"I didn't know if my hallucinations were a manifestation of my grief"Posted: Thursday 16 November 2023
Seeing frightening faces in her own home was the reality for Penny, who was trying to come to terms with her sight loss in the aftermath of losing her husband.
Little did she know that she was experiencing these hallucinations because of her macular disease – a condition called Charles Bonnet syndrome (CBS).
The last few years have been a challenge for Penny, whose husband Doug passed away in 2020, before she was diagnosed with wet age-related macular degeneration (AMD) the following year.
“I felt numb with more grief,” said the 76 year old from County Durham. “It just seemed like one more thing because loss was already all around me, so it was very difficult.”
Reading had also become more difficult, while wavy lines appeared on TV when they were in fact straight.
Penny said: “It was a dark time in my life and things just didn't seem to be going right for me. I was trying to cope without my husband and then thinking about how I would cope if I lost sight because I think that was my biggest fear.”
Then the following year, in 2022, Penny began to see things which weren’t real. With no knowledge of what CBS was, she could not comprehend the terrifying visions.
Marking Charles Bonnet Syndrome Awareness Day 2023, Penny said: “Grief does funny things to people, so I didn't associate what I experienced as part of my sight loss. I was seeing lace patterns and scary faces, which had dark features, but they weren’t overly clear.
“It certainly wasn't anything that you would recognise as a person, but it didn't quite have clear features, more like a silhouette.
“I had to double take. From then it tended to be at night and I thought I was going crackers.”
She added: “Seeing the silhouette face, my heart was beating fast and I held my breath, I didn't scream or anything, but it was just a moment of panic. I didn't know if it was real or if it was kind of a manifestation of my grief, but I was scared frozen.
“At first I thought, am I half asleep? Am I dreaming? I didn't know quite how to react. You kind of stay still and just keep on looking. But nothing bad happened. The images were just there but I didn’t know what was going on.”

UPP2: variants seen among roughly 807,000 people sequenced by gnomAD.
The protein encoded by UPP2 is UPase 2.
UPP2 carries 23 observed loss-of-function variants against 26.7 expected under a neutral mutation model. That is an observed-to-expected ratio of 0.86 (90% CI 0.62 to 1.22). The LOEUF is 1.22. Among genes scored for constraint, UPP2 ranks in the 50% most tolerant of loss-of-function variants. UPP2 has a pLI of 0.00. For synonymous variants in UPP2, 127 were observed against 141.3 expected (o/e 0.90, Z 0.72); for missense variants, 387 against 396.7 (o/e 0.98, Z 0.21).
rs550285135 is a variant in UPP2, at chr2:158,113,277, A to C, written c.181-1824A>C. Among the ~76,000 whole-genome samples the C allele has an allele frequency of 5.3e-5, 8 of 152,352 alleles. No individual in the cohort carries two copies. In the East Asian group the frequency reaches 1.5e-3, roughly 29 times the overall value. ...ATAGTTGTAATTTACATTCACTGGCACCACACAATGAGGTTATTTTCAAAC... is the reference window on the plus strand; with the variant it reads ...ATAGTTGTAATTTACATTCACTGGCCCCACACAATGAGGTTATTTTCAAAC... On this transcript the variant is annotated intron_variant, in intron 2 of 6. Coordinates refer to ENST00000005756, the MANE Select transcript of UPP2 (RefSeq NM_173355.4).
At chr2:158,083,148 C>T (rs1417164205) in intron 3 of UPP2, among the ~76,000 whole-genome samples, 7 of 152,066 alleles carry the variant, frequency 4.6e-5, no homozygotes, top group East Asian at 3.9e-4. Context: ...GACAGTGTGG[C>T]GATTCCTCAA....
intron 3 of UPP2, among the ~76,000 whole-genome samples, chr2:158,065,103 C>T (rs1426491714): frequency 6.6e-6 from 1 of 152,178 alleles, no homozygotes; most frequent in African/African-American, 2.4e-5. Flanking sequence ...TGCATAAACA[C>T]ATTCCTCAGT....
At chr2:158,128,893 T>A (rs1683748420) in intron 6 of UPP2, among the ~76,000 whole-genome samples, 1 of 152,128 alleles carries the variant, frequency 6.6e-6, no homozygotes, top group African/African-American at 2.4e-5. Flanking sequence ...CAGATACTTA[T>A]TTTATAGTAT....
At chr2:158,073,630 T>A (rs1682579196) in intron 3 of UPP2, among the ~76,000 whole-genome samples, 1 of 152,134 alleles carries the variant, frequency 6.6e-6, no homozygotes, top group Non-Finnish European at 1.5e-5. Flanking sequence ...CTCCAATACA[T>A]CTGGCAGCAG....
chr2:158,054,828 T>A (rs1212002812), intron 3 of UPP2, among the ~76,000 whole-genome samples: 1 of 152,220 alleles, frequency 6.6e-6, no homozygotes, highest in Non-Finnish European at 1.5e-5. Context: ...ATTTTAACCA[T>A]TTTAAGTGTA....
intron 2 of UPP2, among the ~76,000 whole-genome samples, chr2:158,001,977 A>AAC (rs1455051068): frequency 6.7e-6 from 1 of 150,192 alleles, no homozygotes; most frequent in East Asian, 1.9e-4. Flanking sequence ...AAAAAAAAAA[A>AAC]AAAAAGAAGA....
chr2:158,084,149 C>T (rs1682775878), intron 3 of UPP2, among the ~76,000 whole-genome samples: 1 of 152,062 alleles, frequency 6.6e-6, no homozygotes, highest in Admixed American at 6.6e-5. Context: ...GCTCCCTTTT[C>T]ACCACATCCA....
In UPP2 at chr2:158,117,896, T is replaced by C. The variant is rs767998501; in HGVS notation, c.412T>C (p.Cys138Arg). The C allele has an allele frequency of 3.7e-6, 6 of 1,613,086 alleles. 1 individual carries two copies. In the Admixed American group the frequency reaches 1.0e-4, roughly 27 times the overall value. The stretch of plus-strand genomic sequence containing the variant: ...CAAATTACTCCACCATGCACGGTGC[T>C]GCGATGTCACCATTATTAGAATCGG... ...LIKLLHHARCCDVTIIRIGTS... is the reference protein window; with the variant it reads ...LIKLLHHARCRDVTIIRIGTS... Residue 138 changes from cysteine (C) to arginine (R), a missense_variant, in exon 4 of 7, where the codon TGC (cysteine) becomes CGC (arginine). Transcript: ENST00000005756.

Charles Bonnet hallucinations are not a sign of mental illness and speaking to a counsellor one-on-one was a game changer. Through the Macular Society’s counselling service Penny was able to find out more about the condition, as well as express other concerns related to her treatment for wet AMD.
She said: “My world doesn’t seem so dark now. I was completely conflicted when I rang the Macular Society about what was happening and how I felt, and I got reassurance knowing that I could speak to someone who understood me and I could trust them.”
Penny is far from alone as up to half of all people with macular degeneration are thought to experience visual hallucinations at some point. And, although there can be similarities, they often present differently to each person.
’Maybe I shouldn’t laugh, but they are hilarious’
Wendy, 47 from York, has described her own dancing-themed visions which she experienced after she was diagnosed with AMD.
Wendy said: “I'm very sensitive to the light, so if anything flashes or if there are any bright lights, that’s when the hallucinations start and I have to giggle when I get them. Maybe I shouldn't laugh but they’re hilarious to me. I remember when I was in the hospital and I kept seeing this hippo, a teddy bear and an elephant dancing the Tango. I was trying to keep a straight face while I was having my tests done!
“At first I would get flashes and floaters, then I started to see tadpoles with a sharp knife. I was scared, I was worried because I thought ‘I’m not right here’ but I told doctors at the hospital and that’s when I was given leaflets of information and my journey started there.”
Talking about your experiences
Both Wendy and Penny have been able to speak to professionals about their different experiences of CBS.
While Penny had counselling from the Society, Wendy has been supported by Esme’s Umbrella, a charity dedicated to helping people with Charles Bonnet hallucinations.
Encouraging others to speak out and seek support, Wendy said: “You're scared of the unknown but actually reading about what’s happening to you really helps. It might sound scary at first but reaching out and talking to other people with sight loss helps because they might have Charles Bonnet or know about it too. That will help you understand what is happening to you.”
Research is taking place to find out more about Charles Bonnet syndrome, including which techniques are best to manage them when they appear.
And while everyone is different, Wendy has found comfort in controlling the lighting around her.
“If you have a low light on, that might help enable you to see without the bright lights which can trigger these images, or when you do see something then move your eyes to the side, that helps me to get rid of my hallucinations,” she said.
For support with your macular disease and Charles Bonnet hallucinations, call the Macular Society Helpline on 0300 3030 111 or email email@example.com.
Want to know more about Charles Bonnet syndrome?
See our Charles Bonnet condition page